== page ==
How Do They Come Up With Hurricane and Storm Names?

how hurricane and storms are named

As the summer approaches, the hurricane season will start before long.

And when the hurricane starts in full swing, you will get to hear names such as hurricane Arlene or hurricane Cindy.

Now, this can make you wonder how are the names of these hurricanes decided! Or, why on earth are these storms given a name in the first place.

Have patience.

By the end of this article, you will get the answer to all of your questions and much more.

Why Are The Hurricanes Given A Name?

hurricane name

Before 1953, a system of latitude-longitude numbers was employed to name the hurricanes.

Since two or more tropical storms could occur simultaneously, it became pretty confusing for people living along the coasts to find proper information about the hurricanes.

On top of that, false rumors and widespread confusion generated when storm advisories announcements from radio stations were mistaken for alerts regarding a completely different storm located hundreds of miles away.

Hence, to make communication easier and avoid confusion, the World Meteorological Organization created a list of names for hurricanes.

It is more convenient for people to remember the names of hurricanes rather than the numbers and technical terms.

When Does A Storm Get A Name?

naming a storm

A tropical storm is usually given a name when it demonstrates a rotating circulation pattern and a wind speed of 39 miles per hour.

How Are The Monikers For These Hurricanes Chosen?

People have been giving names to hurricanes for centuries.

In the beginning, names for hurricanes were decided arbitrarily.

Later during the early 1950s, the meteorologists decided to come up with a methodical and efficient system, which includes taking names for the storms from an alphabetically arranged list (e.g., Andrew, berry, Claire)

The same names were used to identify the hurricanes each season. That means the first hurricane of the season was always Andrew, then Berry, and so on.

Since 1953, hurricanes have been given names from a list produced by the National Hurricane Center of the United States of America.

However, at present times the World Meteorological Organization is responsible for managing the list.

The first draft of hurricane names featured only female names. However, male names have been included in the list from 1979.

Currently, six lists are used alternately. For example, the list of 2024 will have the same names as the list of 2018.

It helped to increase public awareness about hurricanes significantly.

Why Are Some Names Retired From The List?

Every once in a while, there comes a hurricane that causes widespread devastation, damages property and lives of thousands, and leaves unspeakable destruction in its wake.

And when a hurricane is regarded as costly or terrible, it is removed from the list due to sensitive reasons.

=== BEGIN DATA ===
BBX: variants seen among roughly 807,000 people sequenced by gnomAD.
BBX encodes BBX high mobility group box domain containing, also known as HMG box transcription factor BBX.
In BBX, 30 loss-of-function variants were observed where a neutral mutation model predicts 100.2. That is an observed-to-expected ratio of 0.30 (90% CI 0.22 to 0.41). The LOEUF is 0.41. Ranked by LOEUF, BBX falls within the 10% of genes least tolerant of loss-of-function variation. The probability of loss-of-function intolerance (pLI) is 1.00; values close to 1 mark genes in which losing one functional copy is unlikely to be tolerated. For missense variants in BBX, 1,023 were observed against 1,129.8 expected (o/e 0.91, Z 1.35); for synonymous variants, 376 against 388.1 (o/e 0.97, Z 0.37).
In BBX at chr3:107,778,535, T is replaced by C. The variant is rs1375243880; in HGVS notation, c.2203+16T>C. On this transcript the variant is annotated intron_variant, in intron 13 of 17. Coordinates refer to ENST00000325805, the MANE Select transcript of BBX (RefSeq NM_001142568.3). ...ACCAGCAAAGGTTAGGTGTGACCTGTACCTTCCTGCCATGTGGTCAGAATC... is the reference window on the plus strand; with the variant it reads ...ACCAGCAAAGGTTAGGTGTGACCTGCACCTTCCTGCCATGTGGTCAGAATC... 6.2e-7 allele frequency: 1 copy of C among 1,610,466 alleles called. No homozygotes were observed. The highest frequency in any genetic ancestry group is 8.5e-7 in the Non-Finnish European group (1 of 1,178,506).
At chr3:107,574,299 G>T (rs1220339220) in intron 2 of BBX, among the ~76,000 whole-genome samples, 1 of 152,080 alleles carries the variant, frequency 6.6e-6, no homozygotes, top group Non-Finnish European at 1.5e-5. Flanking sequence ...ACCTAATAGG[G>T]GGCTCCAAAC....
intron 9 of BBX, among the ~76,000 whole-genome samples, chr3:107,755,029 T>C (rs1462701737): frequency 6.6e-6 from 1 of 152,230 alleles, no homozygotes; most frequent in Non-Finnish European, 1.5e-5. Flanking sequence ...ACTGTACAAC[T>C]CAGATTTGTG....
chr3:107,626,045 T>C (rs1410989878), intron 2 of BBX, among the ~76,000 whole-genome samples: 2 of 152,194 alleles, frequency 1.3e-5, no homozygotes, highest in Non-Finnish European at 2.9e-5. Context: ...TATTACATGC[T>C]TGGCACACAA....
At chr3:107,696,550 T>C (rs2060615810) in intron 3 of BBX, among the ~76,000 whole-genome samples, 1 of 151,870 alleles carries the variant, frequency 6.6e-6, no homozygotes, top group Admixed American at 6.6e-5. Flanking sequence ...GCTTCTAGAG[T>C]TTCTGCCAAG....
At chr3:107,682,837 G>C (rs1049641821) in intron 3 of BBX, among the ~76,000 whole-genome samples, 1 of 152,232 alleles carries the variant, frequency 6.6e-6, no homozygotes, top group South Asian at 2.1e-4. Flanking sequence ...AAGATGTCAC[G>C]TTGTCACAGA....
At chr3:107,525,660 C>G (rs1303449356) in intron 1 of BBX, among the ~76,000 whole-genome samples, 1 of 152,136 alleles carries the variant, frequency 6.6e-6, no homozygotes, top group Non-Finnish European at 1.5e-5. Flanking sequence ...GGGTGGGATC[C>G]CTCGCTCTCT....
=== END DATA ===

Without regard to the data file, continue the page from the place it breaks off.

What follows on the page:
For instance, hurricane sandy was removed from the list due to the numerous deaths and massive destruction it caused in 2012.

The WMO Tropical Cyclone Committees will choose another name to take its place on the list.

Since 1979, names of more than a few hurricanes have been removed and sent to retirement. You can find their names here.

What If More Than 21 Hurricanes Occur In A Year?

It’s not very common to have more than 21 hurricanes in a year.

However, if more than 21 tropical storms occur in a single calendar year, the additional storms are named after the Greek alphabets:  Alpha, Beta, Gamma, etc.

How Is The Strength Of Storms Ranked?

In most parts of the world, The Saffir-Simpson Hurricane Wind Scale (SSHWS) is used to determine the strength of a tropical storm.

Category 1

Wind speed: 74-95 mph

Damage: It can cause substantial damage to power lines and may result in a power outage for a few days. Trees that have shallow roots may get uprooted.

Category 2

Wind speed: 96-110 mph

Damage: Your house may suffer from major roof damage, even if it’s sturdily built. Uprooted trees could cause the roads to be blocked. You should expect a power cut which could last for weeks.

Category 3

Wind speed: 111-129 mph

Damage: Your house can be subjected to severe damage, and your roof may get removed.

A large number of trees will get uprooted and cause disturbance to the transportation system.

Utility services such as electricity and water may remain unavailable for several days or even weeks after the hurricane passes.

Category 4

Wind speed: 130-156 mph

Damage: Sturdily built homes could sustain serious damage and lose a significant part of the roof structure and exterior wall.

Needless to say, most of the trees will probably fall and may cause the area to be isolated.

A power blackout will occur and may last for months. It will take months before the area becomes habitable.

Category 5

Wind speed: 157 mph or higher

Damage: Many framed homes will get destroyed. Residential areas will be completely cut off due to uprooted trees and power poles.

There will certainly be a power outage which may last several weeks or even months. The entire area may remain inhabitable for months.


Giving names to hurricanes and storms may seem silly, but ultimately, they help create awareness among the people.

I hope I have been able to answer all your questions. If not, let me know in the comments section.

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